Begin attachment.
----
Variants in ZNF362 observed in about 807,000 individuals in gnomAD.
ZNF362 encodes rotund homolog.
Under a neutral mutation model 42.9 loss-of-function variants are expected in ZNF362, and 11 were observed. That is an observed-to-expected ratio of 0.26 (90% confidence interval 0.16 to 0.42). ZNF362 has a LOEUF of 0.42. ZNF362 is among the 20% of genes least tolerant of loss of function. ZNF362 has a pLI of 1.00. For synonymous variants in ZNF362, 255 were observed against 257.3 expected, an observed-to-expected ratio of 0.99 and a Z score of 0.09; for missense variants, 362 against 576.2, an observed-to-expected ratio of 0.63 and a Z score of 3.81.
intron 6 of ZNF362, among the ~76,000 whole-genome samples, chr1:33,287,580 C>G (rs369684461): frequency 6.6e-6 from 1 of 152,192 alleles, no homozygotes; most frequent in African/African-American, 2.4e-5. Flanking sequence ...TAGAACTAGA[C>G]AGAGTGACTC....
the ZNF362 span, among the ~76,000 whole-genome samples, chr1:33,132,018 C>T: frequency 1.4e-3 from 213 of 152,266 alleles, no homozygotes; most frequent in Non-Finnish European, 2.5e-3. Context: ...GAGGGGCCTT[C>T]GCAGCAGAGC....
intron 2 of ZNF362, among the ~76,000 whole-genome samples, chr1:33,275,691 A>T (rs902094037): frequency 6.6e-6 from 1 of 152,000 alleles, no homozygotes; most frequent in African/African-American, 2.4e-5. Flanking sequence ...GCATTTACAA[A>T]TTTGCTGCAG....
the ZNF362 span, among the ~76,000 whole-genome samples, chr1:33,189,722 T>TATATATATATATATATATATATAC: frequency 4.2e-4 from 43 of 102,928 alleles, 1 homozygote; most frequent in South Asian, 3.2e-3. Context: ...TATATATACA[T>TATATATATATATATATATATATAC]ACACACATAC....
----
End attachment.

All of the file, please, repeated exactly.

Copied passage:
Variants in ZNF362 observed in about 807,000 individuals in gnomAD.
ZNF362 encodes rotund homolog.
Under a neutral mutation model 42.9 loss-of-function variants are expected in ZNF362, and 11 were observed. That is an observed-to-expected ratio of 0.26 (90% confidence interval 0.16 to 0.42). ZNF362 has a LOEUF of 0.42. ZNF362 is among the 20% of genes least tolerant of loss of function. ZNF362 has a pLI of 1.00. For synonymous variants in ZNF362, 255 were observed against 257.3 expected, an observed-to-expected ratio of 0.99 and a Z score of 0.09; for missense variants, 362 against 576.2, an observed-to-expected ratio of 0.63 and a Z score of 3.81.
intron 6 of ZNF362, among the ~76,000 whole-genome samples, chr1:33,287,580 C>G (rs369684461): frequency 6.6e-6 from 1 of 152,192 alleles, no homozygotes; most frequent in African/African-American, 2.4e-5. Flanking sequence ...TAGAACTAGA[C>G]AGAGTGACTC....
the ZNF362 span, among the ~76,000 whole-genome samples, chr1:33,132,018 C>T: frequency 1.4e-3 from 213 of 152,266 alleles, no homozygotes; most frequent in Non-Finnish European, 2.5e-3. Context: ...GAGGGGCCTT[C>T]GCAGCAGAGC....
intron 2 of ZNF362, among the ~76,000 whole-genome samples, chr1:33,275,691 A>T (rs902094037): frequency 6.6e-6 from 1 of 152,000 alleles, no homozygotes; most frequent in African/African-American, 2.4e-5. Flanking sequence ...GCATTTACAA[A>T]TTTGCTGCAG....
the ZNF362 span, among the ~76,000 whole-genome samples, chr1:33,189,722 T>TATATATATATATATATATATATAC: frequency 4.2e-4 from 43 of 102,928 alleles, 1 homozygote; most frequent in South Asian, 3.2e-3. Context: ...TATATATACA[T>TATATATATATATATATATATATAC]ACACACATAC....